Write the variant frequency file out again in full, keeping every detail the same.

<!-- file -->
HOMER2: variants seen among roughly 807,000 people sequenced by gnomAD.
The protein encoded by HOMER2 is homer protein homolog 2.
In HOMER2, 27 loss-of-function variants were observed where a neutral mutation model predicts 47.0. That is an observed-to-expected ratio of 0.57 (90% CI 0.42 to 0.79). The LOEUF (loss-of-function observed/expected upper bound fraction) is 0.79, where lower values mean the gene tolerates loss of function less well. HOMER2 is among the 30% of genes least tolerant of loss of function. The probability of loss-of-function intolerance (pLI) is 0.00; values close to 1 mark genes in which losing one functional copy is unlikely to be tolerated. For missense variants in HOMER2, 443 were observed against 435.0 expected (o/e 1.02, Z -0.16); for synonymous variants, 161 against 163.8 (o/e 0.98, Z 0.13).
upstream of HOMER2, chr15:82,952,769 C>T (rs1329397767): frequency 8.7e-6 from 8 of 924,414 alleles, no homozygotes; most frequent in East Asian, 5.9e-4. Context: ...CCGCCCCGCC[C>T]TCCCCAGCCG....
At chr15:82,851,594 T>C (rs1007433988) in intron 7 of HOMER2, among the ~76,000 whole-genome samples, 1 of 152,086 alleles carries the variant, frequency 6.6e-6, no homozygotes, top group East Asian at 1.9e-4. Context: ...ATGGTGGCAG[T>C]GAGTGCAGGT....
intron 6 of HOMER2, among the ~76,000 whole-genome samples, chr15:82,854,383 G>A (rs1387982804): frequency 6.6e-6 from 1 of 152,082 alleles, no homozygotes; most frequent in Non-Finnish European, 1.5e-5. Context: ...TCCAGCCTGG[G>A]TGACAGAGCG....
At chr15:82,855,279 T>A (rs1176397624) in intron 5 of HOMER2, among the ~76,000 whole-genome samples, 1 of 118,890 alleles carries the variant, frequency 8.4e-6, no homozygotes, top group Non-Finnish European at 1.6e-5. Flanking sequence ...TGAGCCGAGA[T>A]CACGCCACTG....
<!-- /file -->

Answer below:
HOMER2: variants seen among roughly 807,000 people sequenced by gnomAD.
The protein encoded by HOMER2 is homer protein homolog 2.
In HOMER2, 27 loss-of-function variants were observed where a neutral mutation model predicts 47.0. That is an observed-to-expected ratio of 0.57 (90% CI 0.42 to 0.79). The LOEUF (loss-of-function observed/expected upper bound fraction) is 0.79, where lower values mean the gene tolerates loss of function less well. HOMER2 is among the 30% of genes least tolerant of loss of function. The probability of loss-of-function intolerance (pLI) is 0.00; values close to 1 mark genes in which losing one functional copy is unlikely to be tolerated. For missense variants in HOMER2, 443 were observed against 435.0 expected (o/e 1.02, Z -0.16); for synonymous variants, 161 against 163.8 (o/e 0.98, Z 0.13).
upstream of HOMER2, chr15:82,952,769 C>T (rs1329397767): frequency 8.7e-6 from 8 of 924,414 alleles, no homozygotes; most frequent in East Asian, 5.9e-4. Context: ...CCGCCCCGCC[C>T]TCCCCAGCCG....
At chr15:82,851,594 T>C (rs1007433988) in intron 7 of HOMER2, among the ~76,000 whole-genome samples, 1 of 152,086 alleles carries the variant, frequency 6.6e-6, no homozygotes, top group East Asian at 1.9e-4. Context: ...ATGGTGGCAG[T>C]GAGTGCAGGT....
intron 6 of HOMER2, among the ~76,000 whole-genome samples, chr15:82,854,383 G>A (rs1387982804): frequency 6.6e-6 from 1 of 152,082 alleles, no homozygotes; most frequent in Non-Finnish European, 1.5e-5. Context: ...TCCAGCCTGG[G>A]TGACAGAGCG....
At chr15:82,855,279 T>A (rs1176397624) in intron 5 of HOMER2, among the ~76,000 whole-genome samples, 1 of 118,890 alleles carries the variant, frequency 8.4e-6, no homozygotes, top group Non-Finnish European at 1.6e-5. Flanking sequence ...TGAGCCGAGA[T>A]CACGCCACTG....